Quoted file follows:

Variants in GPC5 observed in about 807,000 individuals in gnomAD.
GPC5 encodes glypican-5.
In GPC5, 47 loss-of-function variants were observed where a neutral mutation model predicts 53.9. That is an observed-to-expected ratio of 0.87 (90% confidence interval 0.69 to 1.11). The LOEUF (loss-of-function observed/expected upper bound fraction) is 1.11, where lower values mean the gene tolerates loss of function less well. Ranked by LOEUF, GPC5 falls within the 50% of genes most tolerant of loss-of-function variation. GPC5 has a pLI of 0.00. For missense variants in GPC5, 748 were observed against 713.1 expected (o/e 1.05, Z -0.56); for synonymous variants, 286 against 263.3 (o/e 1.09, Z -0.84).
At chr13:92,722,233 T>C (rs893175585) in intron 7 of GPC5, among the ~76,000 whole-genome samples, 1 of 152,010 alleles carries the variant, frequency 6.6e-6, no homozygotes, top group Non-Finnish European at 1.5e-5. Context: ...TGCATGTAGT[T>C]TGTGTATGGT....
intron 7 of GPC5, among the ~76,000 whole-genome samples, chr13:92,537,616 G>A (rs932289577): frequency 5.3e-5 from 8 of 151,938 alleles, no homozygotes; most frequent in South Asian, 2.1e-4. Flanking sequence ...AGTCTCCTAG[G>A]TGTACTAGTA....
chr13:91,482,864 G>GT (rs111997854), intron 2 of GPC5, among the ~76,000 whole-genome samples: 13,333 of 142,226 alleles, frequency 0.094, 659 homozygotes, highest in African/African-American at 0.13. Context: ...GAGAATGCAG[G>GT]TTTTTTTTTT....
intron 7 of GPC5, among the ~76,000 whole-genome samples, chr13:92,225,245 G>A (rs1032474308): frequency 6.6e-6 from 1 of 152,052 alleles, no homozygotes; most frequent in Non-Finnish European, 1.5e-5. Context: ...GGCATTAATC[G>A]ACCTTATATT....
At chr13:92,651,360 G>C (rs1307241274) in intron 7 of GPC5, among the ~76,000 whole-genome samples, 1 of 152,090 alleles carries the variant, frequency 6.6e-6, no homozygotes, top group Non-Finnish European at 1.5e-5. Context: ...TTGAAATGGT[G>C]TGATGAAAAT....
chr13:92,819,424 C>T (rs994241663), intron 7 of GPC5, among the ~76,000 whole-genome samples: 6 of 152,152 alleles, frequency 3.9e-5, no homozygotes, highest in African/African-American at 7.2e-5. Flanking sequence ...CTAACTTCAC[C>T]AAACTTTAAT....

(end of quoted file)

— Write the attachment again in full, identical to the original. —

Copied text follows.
Variants in GPC5 observed in about 807,000 individuals in gnomAD.
GPC5 encodes glypican-5.
In GPC5, 47 loss-of-function variants were observed where a neutral mutation model predicts 53.9. That is an observed-to-expected ratio of 0.87 (90% confidence interval 0.69 to 1.11). The LOEUF (loss-of-function observed/expected upper bound fraction) is 1.11, where lower values mean the gene tolerates loss of function less well. Ranked by LOEUF, GPC5 falls within the 50% of genes most tolerant of loss-of-function variation. GPC5 has a pLI of 0.00. For missense variants in GPC5, 748 were observed against 713.1 expected (o/e 1.05, Z -0.56); for synonymous variants, 286 against 263.3 (o/e 1.09, Z -0.84).
At chr13:92,722,233 T>C (rs893175585) in intron 7 of GPC5, among the ~76,000 whole-genome samples, 1 of 152,010 alleles carries the variant, frequency 6.6e-6, no homozygotes, top group Non-Finnish European at 1.5e-5. Context: ...TGCATGTAGT[T>C]TGTGTATGGT....
intron 7 of GPC5, among the ~76,000 whole-genome samples, chr13:92,537,616 G>A (rs932289577): frequency 5.3e-5 from 8 of 151,938 alleles, no homozygotes; most frequent in South Asian, 2.1e-4. Flanking sequence ...AGTCTCCTAG[G>A]TGTACTAGTA....
chr13:91,482,864 G>GT (rs111997854), intron 2 of GPC5, among the ~76,000 whole-genome samples: 13,333 of 142,226 alleles, frequency 0.094, 659 homozygotes, highest in African/African-American at 0.13. Context: ...GAGAATGCAG[G>GT]TTTTTTTTTT....
intron 7 of GPC5, among the ~76,000 whole-genome samples, chr13:92,225,245 G>A (rs1032474308): frequency 6.6e-6 from 1 of 152,052 alleles, no homozygotes; most frequent in Non-Finnish European, 1.5e-5. Context: ...GGCATTAATC[G>A]ACCTTATATT....
At chr13:92,651,360 G>C (rs1307241274) in intron 7 of GPC5, among the ~76,000 whole-genome samples, 1 of 152,090 alleles carries the variant, frequency 6.6e-6, no homozygotes, top group Non-Finnish European at 1.5e-5. Context: ...TTGAAATGGT[G>C]TGATGAAAAT....
chr13:92,819,424 C>T (rs994241663), intron 7 of GPC5, among the ~76,000 whole-genome samples: 6 of 152,152 alleles, frequency 3.9e-5, no homozygotes, highest in African/African-American at 7.2e-5. Flanking sequence ...CTAACTTCAC[C>T]AAACTTTAAT....